Innovative Guelph researcher tackles treatment challenges for colon cancer with new Canadian Cancer Society funding

GUELPH, Ontario, February 29, 2012 /Canada NewsWire/ - Dr Brenda Coomber, a Guelph researcher investigating an innovative way to improve treatment for colon cancer, is one of 10 Ontario-based scientists receiving new funding, the Canadian Cancer Society announced today.

"This funding helps us work towards solving a problem for cancer patients in an unconventional way," says Dr Coomber, who is leading the project at the University of Guelph.

The drug Avastin works by starving cancer cells of their blood supply, but unfortunately the therapy doesn't work for everyone and there is no way of telling which patients will benefit.

Dr Coomber and her team have proposed a way to tackle this problem and will be using the new funding to study how to identify which patients will respond and how to make the drug more effective. This is important because it may lead to more patients surviving colon cancer.

Being able to identify the patients who would benefit from this drug while improving a tumour's sensitivity to Avastin through Dr Coomber's innovative approach landed her top scores in the Society's first Innovation Grants competition.

An estimated 3,250 Ontarians died of colorectal cancer in 2011 and 8,100 were diagnosed with the disease. Colon cancer is the second biggest cancer killer of Canadians.

"We are funding unique and creative research projects to stimulate new approaches in cancer research, the kind that have the potential to turn cancer on its head," says Lorraine Skarratt, manager of the Society's Wellington County Unit. "In this way and with the support of our donors and volunteers, we lead the way in the fight against cancer."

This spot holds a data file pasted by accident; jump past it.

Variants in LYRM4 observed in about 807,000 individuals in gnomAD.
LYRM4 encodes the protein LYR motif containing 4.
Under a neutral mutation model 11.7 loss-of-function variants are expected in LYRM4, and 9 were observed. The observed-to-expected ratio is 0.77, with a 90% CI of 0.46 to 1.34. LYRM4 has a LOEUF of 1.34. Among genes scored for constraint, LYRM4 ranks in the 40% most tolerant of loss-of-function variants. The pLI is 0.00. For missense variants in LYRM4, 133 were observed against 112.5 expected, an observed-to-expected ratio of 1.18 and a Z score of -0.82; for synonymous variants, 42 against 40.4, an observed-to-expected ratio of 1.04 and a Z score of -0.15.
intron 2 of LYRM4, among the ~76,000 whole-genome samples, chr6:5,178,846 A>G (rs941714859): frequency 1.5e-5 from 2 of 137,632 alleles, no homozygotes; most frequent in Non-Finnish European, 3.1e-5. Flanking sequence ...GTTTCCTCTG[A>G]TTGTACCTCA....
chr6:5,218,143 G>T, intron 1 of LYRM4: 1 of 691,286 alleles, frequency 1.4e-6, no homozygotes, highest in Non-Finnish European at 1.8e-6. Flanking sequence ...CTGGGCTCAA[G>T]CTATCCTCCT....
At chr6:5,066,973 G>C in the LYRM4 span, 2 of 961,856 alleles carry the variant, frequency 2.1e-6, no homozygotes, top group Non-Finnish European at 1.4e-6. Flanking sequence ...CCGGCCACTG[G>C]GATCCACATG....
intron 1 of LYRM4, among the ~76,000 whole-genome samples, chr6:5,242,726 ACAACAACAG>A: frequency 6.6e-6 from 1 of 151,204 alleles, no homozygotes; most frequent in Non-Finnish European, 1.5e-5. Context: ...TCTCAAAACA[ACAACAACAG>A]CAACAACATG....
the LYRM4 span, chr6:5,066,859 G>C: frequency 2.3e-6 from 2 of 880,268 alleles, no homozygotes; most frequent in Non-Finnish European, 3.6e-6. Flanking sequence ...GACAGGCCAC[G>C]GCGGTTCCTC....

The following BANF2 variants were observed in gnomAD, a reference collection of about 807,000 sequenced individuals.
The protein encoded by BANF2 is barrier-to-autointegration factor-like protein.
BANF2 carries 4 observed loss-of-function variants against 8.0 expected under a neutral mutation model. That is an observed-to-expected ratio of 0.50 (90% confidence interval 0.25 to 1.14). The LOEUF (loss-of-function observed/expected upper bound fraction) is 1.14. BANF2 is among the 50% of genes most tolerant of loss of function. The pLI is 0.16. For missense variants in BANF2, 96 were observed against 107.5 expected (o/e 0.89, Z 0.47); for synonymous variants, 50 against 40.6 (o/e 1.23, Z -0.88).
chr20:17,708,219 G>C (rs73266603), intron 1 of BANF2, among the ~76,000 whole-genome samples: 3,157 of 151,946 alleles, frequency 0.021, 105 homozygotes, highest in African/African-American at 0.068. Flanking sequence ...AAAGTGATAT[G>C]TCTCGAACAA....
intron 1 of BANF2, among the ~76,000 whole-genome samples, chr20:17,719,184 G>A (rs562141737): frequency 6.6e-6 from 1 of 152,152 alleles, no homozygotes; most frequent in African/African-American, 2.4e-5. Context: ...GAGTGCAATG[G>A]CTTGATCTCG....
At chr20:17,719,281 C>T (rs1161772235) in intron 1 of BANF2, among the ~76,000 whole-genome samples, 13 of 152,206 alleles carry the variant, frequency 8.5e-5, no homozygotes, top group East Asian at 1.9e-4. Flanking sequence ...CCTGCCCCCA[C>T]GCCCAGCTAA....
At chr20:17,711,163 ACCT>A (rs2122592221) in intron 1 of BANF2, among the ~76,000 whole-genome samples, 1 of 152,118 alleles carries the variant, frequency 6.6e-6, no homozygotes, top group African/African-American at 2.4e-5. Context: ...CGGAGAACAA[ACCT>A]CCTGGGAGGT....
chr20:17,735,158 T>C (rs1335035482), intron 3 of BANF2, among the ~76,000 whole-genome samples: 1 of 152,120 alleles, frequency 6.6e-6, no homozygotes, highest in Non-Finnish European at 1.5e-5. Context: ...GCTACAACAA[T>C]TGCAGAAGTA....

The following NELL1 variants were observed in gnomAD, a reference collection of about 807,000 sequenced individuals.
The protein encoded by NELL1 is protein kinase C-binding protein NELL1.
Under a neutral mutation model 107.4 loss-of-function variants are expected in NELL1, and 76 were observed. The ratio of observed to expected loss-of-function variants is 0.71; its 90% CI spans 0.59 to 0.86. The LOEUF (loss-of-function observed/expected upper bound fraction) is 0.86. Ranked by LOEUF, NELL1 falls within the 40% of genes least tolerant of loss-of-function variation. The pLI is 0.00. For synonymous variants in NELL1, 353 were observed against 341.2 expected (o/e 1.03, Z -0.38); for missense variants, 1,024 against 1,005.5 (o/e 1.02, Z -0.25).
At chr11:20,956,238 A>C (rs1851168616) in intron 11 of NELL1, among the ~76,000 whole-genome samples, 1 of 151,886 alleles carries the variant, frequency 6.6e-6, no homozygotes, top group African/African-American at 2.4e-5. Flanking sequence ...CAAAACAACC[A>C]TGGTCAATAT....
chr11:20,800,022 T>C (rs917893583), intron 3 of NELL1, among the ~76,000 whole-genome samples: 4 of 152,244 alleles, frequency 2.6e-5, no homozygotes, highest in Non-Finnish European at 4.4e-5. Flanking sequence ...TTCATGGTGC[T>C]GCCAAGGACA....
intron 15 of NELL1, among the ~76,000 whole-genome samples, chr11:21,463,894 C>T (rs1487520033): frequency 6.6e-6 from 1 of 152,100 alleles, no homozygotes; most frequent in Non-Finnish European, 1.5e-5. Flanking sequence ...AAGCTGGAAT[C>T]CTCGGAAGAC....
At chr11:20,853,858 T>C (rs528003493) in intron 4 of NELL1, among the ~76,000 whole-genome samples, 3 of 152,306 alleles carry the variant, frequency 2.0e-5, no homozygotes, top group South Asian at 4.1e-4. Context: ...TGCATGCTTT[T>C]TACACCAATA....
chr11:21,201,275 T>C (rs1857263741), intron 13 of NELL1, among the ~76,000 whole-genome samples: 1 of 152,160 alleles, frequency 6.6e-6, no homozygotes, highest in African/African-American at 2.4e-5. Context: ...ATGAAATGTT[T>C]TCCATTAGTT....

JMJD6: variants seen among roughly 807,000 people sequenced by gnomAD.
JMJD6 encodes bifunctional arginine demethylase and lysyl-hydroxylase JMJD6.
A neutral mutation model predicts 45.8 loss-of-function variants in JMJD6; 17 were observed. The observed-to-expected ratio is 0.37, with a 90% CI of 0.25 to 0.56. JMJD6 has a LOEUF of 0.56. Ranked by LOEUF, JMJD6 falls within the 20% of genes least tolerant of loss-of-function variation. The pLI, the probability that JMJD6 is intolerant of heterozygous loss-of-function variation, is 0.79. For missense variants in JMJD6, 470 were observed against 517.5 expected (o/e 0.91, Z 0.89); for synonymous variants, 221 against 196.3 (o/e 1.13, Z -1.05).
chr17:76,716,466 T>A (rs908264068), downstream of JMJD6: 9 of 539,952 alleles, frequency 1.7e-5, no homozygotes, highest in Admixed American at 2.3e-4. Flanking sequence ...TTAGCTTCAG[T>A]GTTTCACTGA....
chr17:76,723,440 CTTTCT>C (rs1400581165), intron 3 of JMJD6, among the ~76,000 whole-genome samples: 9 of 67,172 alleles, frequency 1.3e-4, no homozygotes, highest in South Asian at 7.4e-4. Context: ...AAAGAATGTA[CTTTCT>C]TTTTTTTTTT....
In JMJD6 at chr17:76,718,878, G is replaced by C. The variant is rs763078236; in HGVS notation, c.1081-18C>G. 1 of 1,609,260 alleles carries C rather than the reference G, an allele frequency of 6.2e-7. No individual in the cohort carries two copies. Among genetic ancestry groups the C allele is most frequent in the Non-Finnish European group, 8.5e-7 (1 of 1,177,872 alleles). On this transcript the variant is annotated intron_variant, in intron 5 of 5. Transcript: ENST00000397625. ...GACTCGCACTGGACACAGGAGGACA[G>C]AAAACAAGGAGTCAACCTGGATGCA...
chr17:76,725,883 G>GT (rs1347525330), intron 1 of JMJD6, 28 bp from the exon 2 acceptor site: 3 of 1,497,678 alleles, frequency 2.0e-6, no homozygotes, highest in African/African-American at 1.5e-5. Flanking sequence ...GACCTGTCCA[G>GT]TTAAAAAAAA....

The Society's new Innovation Grants were developed to support innovative and creative problem-solving in cancer research. The goal is to support unconventional concepts, approaches or methodologies to address problems in cancer research.

Dr Coomber is receiving nearly $200,000 over two years for this project. Including this new grant, she has received more than $1.1 million in funding from the Canadian Cancer Society since 2000. In total, researchers at the University of Guelph have been awarded more than $1.5 million since 2008.

A total of 23 grants representing a $4.5 million investment were announced today across the country. For more information about the Society's research funding, visit

The Canadian Cancer Society is a national community-based organization of volunteers whose mission is the eradication of cancer and the enhancement of the quality of life of people living with cancer. When you want to know more about cancer, visit their website or call our toll-free, bilingual Cancer Information Service at 1 888 939-3333.